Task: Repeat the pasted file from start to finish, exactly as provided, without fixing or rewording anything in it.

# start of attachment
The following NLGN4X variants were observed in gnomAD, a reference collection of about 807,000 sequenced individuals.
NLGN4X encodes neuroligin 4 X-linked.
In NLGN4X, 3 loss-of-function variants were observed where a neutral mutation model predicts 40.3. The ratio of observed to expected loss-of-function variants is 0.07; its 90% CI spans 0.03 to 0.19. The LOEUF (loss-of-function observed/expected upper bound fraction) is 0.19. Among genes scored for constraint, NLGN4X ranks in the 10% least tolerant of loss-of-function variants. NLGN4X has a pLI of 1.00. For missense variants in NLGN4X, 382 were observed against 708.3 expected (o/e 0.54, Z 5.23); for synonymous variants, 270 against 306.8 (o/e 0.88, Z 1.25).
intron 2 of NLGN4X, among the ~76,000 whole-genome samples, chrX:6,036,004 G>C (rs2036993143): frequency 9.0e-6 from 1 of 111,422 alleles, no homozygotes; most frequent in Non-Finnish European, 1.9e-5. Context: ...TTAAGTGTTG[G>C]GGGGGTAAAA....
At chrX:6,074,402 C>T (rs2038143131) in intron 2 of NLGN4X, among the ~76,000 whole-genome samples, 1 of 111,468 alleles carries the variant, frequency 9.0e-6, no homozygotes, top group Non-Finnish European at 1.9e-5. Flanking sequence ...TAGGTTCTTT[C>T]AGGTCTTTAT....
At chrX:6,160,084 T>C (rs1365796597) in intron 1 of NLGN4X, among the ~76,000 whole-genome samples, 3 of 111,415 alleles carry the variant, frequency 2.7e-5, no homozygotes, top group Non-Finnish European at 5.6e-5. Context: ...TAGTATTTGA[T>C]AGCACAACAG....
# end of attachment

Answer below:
The following NLGN4X variants were observed in gnomAD, a reference collection of about 807,000 sequenced individuals.
NLGN4X encodes neuroligin 4 X-linked.
In NLGN4X, 3 loss-of-function variants were observed where a neutral mutation model predicts 40.3. The ratio of observed to expected loss-of-function variants is 0.07; its 90% CI spans 0.03 to 0.19. The LOEUF (loss-of-function observed/expected upper bound fraction) is 0.19. Among genes scored for constraint, NLGN4X ranks in the 10% least tolerant of loss-of-function variants. NLGN4X has a pLI of 1.00. For missense variants in NLGN4X, 382 were observed against 708.3 expected (o/e 0.54, Z 5.23); for synonymous variants, 270 against 306.8 (o/e 0.88, Z 1.25).
intron 2 of NLGN4X, among the ~76,000 whole-genome samples, chrX:6,036,004 G>C (rs2036993143): frequency 9.0e-6 from 1 of 111,422 alleles, no homozygotes; most frequent in Non-Finnish European, 1.9e-5. Context: ...TTAAGTGTTG[G>C]GGGGGTAAAA....
At chrX:6,074,402 C>T (rs2038143131) in intron 2 of NLGN4X, among the ~76,000 whole-genome samples, 1 of 111,468 alleles carries the variant, frequency 9.0e-6, no homozygotes, top group Non-Finnish European at 1.9e-5. Flanking sequence ...TAGGTTCTTT[C>T]AGGTCTTTAT....
At chrX:6,160,084 T>C (rs1365796597) in intron 1 of NLGN4X, among the ~76,000 whole-genome samples, 3 of 111,415 alleles carry the variant, frequency 2.7e-5, no homozygotes, top group Non-Finnish European at 5.6e-5. Context: ...TAGTATTTGA[T>C]AGCACAACAG....